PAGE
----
mm

Hawk Cliff is recognized as one of the prime fall migration hawk watching destinations in all North America.

 

Every year hundreds of birders (and non-birders!) from Canada, the U.S. and other countries visit Hawk Cliff. Birders can normally expect to see 15 different raptor species, with typical count totals reaching several thousand birds per day. On a few exceptional occasions lucky visitors have witnessed the amazing spectacle of over 100,000 raptors of various species migrating past Hawk Cliff in a single day!

Others come to enjoy the many song birds and Monarchs that also pass Hawk Cliff on their journey to warmer climes, or to walk the beautiful trails of Hawk Cliff Woods. This is a stunning 230 acre property and is one of the most significant deep interior forests in Elgin County. Hawk Cliff Woods is a maple-beech forest with many Carolinian specialties, including the Tulip-tree and Pignut Hickory as well as the Endangered Butternut and American Chestnut.   Rare birds such as Eastern Wood-Pewee, Acadian Flycatcher, Louisiana Waterthrush, and Wood Thrush thrive in the deep woods.

Please Contact Roberta Buchanan at roberta.buchanan@icloud.com or by phone 519-864-1475.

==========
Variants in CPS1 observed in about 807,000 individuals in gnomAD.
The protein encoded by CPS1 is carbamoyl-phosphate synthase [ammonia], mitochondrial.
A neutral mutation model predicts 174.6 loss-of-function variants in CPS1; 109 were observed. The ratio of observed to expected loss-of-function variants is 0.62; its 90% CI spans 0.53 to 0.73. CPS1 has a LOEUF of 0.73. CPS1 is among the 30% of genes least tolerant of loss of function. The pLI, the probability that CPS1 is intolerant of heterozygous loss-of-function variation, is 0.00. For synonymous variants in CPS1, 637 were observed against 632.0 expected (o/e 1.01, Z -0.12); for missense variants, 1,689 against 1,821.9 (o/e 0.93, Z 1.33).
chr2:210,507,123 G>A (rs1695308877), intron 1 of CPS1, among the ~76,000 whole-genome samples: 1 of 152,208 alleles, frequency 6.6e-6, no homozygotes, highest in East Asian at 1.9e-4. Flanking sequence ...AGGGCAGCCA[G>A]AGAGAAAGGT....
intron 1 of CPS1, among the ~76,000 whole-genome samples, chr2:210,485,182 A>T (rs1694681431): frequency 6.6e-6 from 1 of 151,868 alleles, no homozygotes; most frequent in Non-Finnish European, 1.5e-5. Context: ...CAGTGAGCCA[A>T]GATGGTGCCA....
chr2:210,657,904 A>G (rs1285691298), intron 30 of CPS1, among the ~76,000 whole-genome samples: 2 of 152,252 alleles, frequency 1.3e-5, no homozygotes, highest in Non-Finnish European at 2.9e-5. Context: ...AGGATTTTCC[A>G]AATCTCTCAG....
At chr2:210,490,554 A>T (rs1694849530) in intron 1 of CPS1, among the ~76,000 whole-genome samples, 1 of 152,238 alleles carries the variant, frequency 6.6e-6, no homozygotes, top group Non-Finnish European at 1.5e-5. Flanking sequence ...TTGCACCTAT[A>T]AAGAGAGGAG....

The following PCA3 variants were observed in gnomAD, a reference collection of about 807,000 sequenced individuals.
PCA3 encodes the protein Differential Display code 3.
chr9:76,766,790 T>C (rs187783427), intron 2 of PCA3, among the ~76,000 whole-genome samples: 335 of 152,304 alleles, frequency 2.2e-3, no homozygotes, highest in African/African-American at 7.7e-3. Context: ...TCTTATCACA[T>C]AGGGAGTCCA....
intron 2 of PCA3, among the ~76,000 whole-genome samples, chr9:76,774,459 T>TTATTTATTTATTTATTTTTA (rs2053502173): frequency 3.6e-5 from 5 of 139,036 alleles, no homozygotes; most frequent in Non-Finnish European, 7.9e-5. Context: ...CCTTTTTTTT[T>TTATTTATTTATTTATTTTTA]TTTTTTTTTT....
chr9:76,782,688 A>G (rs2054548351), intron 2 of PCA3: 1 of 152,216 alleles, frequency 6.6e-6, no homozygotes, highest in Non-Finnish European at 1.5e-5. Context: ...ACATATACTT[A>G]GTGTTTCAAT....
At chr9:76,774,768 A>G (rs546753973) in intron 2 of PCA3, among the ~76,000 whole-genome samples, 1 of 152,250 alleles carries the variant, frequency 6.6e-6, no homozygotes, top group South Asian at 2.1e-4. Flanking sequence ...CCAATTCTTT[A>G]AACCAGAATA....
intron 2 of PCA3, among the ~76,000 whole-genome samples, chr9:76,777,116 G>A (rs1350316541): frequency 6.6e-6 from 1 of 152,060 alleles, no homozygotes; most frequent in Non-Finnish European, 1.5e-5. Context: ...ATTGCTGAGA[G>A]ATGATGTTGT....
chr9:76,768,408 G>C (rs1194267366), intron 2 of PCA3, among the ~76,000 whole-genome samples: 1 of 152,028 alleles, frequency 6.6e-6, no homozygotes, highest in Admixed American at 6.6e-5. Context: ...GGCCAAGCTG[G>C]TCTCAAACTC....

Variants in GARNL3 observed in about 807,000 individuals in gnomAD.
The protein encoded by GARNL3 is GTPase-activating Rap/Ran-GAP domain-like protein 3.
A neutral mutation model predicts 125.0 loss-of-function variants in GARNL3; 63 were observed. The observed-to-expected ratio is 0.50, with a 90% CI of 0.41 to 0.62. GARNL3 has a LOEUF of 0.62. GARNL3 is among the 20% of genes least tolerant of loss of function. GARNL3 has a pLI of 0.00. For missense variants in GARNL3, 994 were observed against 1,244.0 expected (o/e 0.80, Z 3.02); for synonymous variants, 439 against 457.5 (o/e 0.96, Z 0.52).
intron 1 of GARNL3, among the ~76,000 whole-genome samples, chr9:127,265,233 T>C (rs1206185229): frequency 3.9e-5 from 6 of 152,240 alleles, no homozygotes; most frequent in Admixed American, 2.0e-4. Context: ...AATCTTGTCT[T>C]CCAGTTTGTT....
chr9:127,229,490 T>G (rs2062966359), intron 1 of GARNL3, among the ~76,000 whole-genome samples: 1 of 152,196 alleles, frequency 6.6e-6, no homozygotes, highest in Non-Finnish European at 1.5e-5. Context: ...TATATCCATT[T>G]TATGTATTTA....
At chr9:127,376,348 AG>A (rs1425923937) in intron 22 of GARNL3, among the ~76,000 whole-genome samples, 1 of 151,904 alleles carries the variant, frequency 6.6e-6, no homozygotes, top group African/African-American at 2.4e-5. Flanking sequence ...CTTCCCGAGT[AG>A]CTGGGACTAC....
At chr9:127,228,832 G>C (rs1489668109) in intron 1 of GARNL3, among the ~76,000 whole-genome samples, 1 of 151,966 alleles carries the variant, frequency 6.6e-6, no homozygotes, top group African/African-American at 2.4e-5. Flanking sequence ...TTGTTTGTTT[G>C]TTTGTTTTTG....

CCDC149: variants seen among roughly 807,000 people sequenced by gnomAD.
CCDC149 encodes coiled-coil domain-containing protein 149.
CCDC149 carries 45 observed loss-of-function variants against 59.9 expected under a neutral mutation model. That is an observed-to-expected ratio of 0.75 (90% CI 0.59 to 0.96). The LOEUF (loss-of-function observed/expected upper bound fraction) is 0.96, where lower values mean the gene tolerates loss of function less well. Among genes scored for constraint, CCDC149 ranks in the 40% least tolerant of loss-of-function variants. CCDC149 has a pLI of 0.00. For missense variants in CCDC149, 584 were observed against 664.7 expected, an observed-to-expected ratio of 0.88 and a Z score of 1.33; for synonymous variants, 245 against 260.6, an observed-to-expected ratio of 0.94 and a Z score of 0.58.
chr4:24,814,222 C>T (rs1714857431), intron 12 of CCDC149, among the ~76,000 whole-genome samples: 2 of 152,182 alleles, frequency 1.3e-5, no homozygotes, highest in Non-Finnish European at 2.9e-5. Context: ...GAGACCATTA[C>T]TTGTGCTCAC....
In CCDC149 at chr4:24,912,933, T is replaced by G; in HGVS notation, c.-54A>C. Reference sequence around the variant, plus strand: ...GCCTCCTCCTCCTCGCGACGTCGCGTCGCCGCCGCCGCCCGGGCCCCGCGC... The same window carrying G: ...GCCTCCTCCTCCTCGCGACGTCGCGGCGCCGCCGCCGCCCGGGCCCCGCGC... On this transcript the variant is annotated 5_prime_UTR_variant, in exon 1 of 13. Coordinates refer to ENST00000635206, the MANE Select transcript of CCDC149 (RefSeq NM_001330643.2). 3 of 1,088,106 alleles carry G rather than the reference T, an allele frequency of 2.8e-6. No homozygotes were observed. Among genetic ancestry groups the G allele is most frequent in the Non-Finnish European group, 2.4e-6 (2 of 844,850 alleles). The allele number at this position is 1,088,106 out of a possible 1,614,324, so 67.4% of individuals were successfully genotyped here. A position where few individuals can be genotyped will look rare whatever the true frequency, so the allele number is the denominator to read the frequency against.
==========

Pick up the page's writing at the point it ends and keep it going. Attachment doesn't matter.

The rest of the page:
Date:  September 22, 2018

Place:  Lambton Mall parking lot – Carpooling is an option as it is an 80 minute drive.

Time: 8:30 a.m. – 2:30 p.m.  (bring your lunch or visit nearby Port Stanley for lunch)

Daily Live-bird Demos at 11a.m. and 2 p.m.

What to Bring:  water, insect repellent, hat, sunscreen, lawn chair, binoculars, lunch

Thursday, May 10 to Sunday, May 13, 2018

Camping and birding at its best. We have great fun camping and exploring all the island’s birding hotspots.

Learn more by reading Richard Wilson’s review of the 2016 trip or contact Richard Wilson for more details.

Book your ferry ride early and sign up soon. Limited camping spots available.

Contact: Dick Wilson wrkawilson@cogeco.ca

mm

It has been an amazing couple of weeks with the return of Red-winged Blackbirds, Killdeer, Turkey Vultures, Common Grackles, Eastern Bluebirds, Eastern Meadowlarks, and Sandhill Cranes.  We have been lucky enough to see all of these returnees and it makes us think of spring!

We saw our first Killdeers, Red-winged Blackbirds, Common Grackles, and Turkey Vultures in mid-February.  On February 26 we were lucky enough to see three male Eastern Bluebirds looking to scout out the best habitat.